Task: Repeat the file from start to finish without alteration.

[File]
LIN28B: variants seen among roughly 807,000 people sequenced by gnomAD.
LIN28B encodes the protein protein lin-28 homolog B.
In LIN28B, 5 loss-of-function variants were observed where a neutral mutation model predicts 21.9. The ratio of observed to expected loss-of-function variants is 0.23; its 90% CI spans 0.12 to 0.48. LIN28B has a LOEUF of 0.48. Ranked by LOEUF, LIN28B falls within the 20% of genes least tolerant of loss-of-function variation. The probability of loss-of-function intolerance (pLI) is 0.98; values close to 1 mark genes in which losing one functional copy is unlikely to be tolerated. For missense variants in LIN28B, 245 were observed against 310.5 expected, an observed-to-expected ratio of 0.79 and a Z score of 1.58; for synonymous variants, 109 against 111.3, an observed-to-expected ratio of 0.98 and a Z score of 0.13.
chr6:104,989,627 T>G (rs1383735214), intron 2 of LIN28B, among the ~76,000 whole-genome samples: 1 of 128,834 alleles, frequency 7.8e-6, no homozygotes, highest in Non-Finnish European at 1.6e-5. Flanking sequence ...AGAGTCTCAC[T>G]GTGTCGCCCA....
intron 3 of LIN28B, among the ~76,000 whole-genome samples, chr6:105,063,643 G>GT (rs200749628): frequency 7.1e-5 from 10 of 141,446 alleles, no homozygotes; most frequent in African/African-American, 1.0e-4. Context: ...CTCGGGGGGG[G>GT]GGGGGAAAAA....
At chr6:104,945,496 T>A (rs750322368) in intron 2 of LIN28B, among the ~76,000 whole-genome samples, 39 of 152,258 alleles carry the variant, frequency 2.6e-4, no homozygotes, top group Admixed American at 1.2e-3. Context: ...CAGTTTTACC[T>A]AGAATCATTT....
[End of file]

LIN28B: variants seen among roughly 807,000 people sequenced by gnomAD.
LIN28B encodes the protein protein lin-28 homolog B.
In LIN28B, 5 loss-of-function variants were observed where a neutral mutation model predicts 21.9. The ratio of observed to expected loss-of-function variants is 0.23; its 90% CI spans 0.12 to 0.48. LIN28B has a LOEUF of 0.48. Ranked by LOEUF, LIN28B falls within the 20% of genes least tolerant of loss-of-function variation. The probability of loss-of-function intolerance (pLI) is 0.98; values close to 1 mark genes in which losing one functional copy is unlikely to be tolerated. For missense variants in LIN28B, 245 were observed against 310.5 expected, an observed-to-expected ratio of 0.79 and a Z score of 1.58; for synonymous variants, 109 against 111.3, an observed-to-expected ratio of 0.98 and a Z score of 0.13.
chr6:104,989,627 T>G (rs1383735214), intron 2 of LIN28B, among the ~76,000 whole-genome samples: 1 of 128,834 alleles, frequency 7.8e-6, no homozygotes, highest in Non-Finnish European at 1.6e-5. Flanking sequence ...AGAGTCTCAC[T>G]GTGTCGCCCA....
intron 3 of LIN28B, among the ~76,000 whole-genome samples, chr6:105,063,643 G>GT (rs200749628): frequency 7.1e-5 from 10 of 141,446 alleles, no homozygotes; most frequent in African/African-American, 1.0e-4. Context: ...CTCGGGGGGG[G>GT]GGGGGAAAAA....
At chr6:104,945,496 T>A (rs750322368) in intron 2 of LIN28B, among the ~76,000 whole-genome samples, 39 of 152,258 alleles carry the variant, frequency 2.6e-4, no homozygotes, top group Admixed American at 1.2e-3. Context: ...CAGTTTTACC[T>A]AGAATCATTT....